The Sitkum fire

The Sitkum fire

Incident team pulls back from Sitkum fire

The fire stands at 530 hectares and is 50 per cent contained as a specialist management team turns command back to local crews.

A specialist incident management team brought in last week to deal with the Sitkum/Duhamel fire transferred command back to local crews Thursday after hitting their prescribed time limit.

However, information officer Noelle Kekula said things appear to be well in hand.

“We are only allowed to work certain days and then we have to rest,” she said. “We have turned it over to the local fire zone. They will keep the crews working on it.”

The fire has slowly crept up to 530 hectares from 450. As of Thursday, 82 firefighters were working on the blaze along with three pieces of heavy equipment and three helicopters. It is considered 50 per cent contained.

Kekula said while her 10-member crew needs rest, “there is some confidence in our control lines that we can turn it over to the zone and another incident command team doesn’t need to come in.”

Keula said crews had some success with burnoffs Wednesday as relative humidity levels dropped. However, it resulted in a lot of smoke coming off the mountain.

“They are slowly meeting their targets,” she said. “This fire is going to keep smoking for a long time. Don’t panic when you see it.”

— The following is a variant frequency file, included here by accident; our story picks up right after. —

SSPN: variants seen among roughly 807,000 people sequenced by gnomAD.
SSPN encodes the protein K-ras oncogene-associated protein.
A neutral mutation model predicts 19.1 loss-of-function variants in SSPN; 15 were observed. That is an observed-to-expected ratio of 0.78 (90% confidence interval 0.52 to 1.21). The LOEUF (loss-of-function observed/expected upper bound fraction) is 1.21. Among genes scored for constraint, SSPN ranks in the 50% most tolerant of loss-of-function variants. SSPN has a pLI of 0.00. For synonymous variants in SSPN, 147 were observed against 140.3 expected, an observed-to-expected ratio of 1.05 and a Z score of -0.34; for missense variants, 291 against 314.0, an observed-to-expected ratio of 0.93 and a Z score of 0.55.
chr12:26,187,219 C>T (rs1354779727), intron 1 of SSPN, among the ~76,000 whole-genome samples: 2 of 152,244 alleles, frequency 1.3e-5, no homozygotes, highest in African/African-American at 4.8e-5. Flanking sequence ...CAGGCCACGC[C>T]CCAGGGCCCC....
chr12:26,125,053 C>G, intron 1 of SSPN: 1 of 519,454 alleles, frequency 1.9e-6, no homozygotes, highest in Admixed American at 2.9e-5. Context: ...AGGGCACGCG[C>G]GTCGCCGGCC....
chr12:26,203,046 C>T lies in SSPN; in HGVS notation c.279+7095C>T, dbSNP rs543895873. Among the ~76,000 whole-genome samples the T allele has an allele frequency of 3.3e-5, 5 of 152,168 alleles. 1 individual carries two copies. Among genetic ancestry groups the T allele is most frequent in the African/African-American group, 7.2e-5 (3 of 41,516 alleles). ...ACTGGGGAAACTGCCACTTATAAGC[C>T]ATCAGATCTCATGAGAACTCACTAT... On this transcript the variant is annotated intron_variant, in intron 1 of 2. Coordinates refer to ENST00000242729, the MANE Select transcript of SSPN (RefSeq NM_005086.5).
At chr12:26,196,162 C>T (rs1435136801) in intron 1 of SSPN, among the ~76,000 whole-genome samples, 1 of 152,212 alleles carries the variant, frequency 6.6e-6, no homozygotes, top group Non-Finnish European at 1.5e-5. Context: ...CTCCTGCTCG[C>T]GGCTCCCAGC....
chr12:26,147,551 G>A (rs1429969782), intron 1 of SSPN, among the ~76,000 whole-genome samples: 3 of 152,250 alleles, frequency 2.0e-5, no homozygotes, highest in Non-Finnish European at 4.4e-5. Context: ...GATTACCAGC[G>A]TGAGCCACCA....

An evacuation alert for about 350 homes was lifted Monday, nine days after the fire flared up, but backcountry restrictions for the Six Mile area remain in effect.

Meanwhile, the eight-hectare Mount Aylwin fire south of Silverton is fully contained and in final patrol, with no smoke showing, information officer Fanny Bernard said.

Cooler temperatures, higher humidity, and a bit of rain all helped. An evacuation alert for about 35 residents was lifted Tuesday.

No other fires of note are burning within the Southeast Fire Centre, but the weekend forecast calls for mostly sunshine and temperatures in the low 30s.

Bernard said there have been 270 fires so far this year in the region, compared to 81 by this time last year. Fifty-six of this year’s fires have been human-caused.

Since Thursday, there have been 86 new fires, six started by people and the rest by lightning.

Bernard said most areas have had between 0.5 and 1.5 mm of rain over the last week, although “it was quite patchy” and did nothing to change the fire rating, which remains mostly moderate with large areas of high risk.

In addition to hotter, dryer weather this weekend Bernard says they’re expecting wind, which could fan smouldering fires.

A campfire ban remains in effect.